1) First talk to them.
2) If they don’t listen, bring a few folks with you
3) If that doesn’t work, bring it before the whole community, and if that doesn’t work
4) Treat them as you would a non-believer or a tax collector.
Of course, Jesus hung around a lot with nonbelievers and with tax collectors but I think the point is that this means you just move on, and let go of the matter regardless of how you feel about it, don’t let that wrong pollute your heart and mind or take you away from your walk with God.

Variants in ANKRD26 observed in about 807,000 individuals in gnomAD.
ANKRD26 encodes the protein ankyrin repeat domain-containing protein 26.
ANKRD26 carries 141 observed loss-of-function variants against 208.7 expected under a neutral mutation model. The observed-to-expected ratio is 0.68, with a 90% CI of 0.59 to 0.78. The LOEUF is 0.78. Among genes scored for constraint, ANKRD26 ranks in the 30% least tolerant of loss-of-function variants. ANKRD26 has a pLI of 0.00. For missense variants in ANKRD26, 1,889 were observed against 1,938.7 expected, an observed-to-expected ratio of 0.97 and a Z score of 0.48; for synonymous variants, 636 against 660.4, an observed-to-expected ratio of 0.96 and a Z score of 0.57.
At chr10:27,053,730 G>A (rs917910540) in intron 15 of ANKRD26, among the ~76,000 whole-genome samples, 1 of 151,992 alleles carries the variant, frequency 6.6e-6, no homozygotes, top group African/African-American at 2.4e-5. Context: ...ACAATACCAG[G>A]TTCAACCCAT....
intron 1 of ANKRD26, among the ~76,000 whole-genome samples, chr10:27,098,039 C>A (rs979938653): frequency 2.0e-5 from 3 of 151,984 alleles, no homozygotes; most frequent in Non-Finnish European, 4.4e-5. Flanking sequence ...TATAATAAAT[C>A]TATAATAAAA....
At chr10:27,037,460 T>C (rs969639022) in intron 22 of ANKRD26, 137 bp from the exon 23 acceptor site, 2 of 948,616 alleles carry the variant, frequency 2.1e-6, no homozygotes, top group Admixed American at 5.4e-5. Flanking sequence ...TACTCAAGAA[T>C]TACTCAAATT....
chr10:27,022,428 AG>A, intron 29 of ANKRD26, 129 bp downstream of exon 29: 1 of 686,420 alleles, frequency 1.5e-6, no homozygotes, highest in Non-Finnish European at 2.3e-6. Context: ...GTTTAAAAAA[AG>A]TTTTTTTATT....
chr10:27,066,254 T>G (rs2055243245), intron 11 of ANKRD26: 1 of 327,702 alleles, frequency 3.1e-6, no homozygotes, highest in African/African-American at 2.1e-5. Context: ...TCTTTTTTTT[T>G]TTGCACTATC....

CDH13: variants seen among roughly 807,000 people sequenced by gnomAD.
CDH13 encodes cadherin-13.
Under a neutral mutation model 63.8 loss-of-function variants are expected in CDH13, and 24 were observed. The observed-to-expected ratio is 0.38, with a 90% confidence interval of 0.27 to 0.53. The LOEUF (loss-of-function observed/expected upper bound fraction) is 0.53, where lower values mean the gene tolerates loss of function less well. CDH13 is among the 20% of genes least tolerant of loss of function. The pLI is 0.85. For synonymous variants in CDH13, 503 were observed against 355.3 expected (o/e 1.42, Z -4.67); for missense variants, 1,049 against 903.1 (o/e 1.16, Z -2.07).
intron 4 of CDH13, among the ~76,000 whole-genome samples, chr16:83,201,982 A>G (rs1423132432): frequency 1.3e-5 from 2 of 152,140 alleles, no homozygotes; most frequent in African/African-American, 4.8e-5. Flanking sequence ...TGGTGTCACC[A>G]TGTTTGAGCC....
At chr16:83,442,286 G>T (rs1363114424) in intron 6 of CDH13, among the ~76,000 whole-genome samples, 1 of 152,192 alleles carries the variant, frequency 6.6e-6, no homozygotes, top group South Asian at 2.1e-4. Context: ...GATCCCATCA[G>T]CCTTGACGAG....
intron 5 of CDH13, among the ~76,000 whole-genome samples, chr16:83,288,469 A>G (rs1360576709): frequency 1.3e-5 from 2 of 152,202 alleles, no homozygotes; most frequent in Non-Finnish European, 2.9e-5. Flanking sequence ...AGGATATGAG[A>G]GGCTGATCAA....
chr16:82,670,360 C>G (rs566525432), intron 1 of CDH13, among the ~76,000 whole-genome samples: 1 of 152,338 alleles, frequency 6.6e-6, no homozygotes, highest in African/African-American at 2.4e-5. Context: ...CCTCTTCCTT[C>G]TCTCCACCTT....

This has been a profoundly challenging time for our nation and for the world. In the midst of so much fear and anxiety, from hate groups marching on Charlottesville to multiple deadly storms, heat waves and wildfires, remembering who we are, and whose we are can provide us with courage and hope.
Our reading from Exodus today reminded me of a story that former President Barack Obama shared at his last Hanukkah celebration in the White House recalling a story of Ellie Wiesel:
In one of his memories of the Holocaust, Elie watched a fellow prisoner trade his daily ration of bread for some simple materials with which to piece together a makeshift menorah. And he wrote that he couldn’t believe the sacrifices this man was making to observe the holidays. A stunned Elie asked him, “Hanukkah in Auschwitz?” And the man replied, “Especially in Auschwitz.”